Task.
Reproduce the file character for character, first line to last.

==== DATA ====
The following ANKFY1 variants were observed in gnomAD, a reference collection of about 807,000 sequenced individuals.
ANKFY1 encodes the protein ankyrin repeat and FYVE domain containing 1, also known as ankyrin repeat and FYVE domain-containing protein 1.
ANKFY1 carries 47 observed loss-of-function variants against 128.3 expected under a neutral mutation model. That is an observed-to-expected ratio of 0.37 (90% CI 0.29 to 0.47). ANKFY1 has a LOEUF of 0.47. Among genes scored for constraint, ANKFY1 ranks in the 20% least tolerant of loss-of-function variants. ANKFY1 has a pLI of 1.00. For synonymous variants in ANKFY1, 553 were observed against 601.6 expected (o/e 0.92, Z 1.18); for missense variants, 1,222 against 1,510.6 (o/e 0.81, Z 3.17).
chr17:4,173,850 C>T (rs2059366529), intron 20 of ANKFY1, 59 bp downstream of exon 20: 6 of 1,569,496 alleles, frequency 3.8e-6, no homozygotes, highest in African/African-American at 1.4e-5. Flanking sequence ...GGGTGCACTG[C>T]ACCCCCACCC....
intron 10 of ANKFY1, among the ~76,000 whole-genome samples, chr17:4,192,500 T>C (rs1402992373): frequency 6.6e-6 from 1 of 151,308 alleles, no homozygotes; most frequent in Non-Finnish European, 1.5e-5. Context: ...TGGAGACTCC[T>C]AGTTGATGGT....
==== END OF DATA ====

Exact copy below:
The following ANKFY1 variants were observed in gnomAD, a reference collection of about 807,000 sequenced individuals.
ANKFY1 encodes the protein ankyrin repeat and FYVE domain containing 1, also known as ankyrin repeat and FYVE domain-containing protein 1.
ANKFY1 carries 47 observed loss-of-function variants against 128.3 expected under a neutral mutation model. That is an observed-to-expected ratio of 0.37 (90% CI 0.29 to 0.47). ANKFY1 has a LOEUF of 0.47. Among genes scored for constraint, ANKFY1 ranks in the 20% least tolerant of loss-of-function variants. ANKFY1 has a pLI of 1.00. For synonymous variants in ANKFY1, 553 were observed against 601.6 expected (o/e 0.92, Z 1.18); for missense variants, 1,222 against 1,510.6 (o/e 0.81, Z 3.17).
chr17:4,173,850 C>T (rs2059366529), intron 20 of ANKFY1, 59 bp downstream of exon 20: 6 of 1,569,496 alleles, frequency 3.8e-6, no homozygotes, highest in African/African-American at 1.4e-5. Flanking sequence ...GGGTGCACTG[C>T]ACCCCCACCC....
intron 10 of ANKFY1, among the ~76,000 whole-genome samples, chr17:4,192,500 T>C (rs1402992373): frequency 6.6e-6 from 1 of 151,308 alleles, no homozygotes; most frequent in Non-Finnish European, 1.5e-5. Context: ...TGGAGACTCC[T>C]AGTTGATGGT....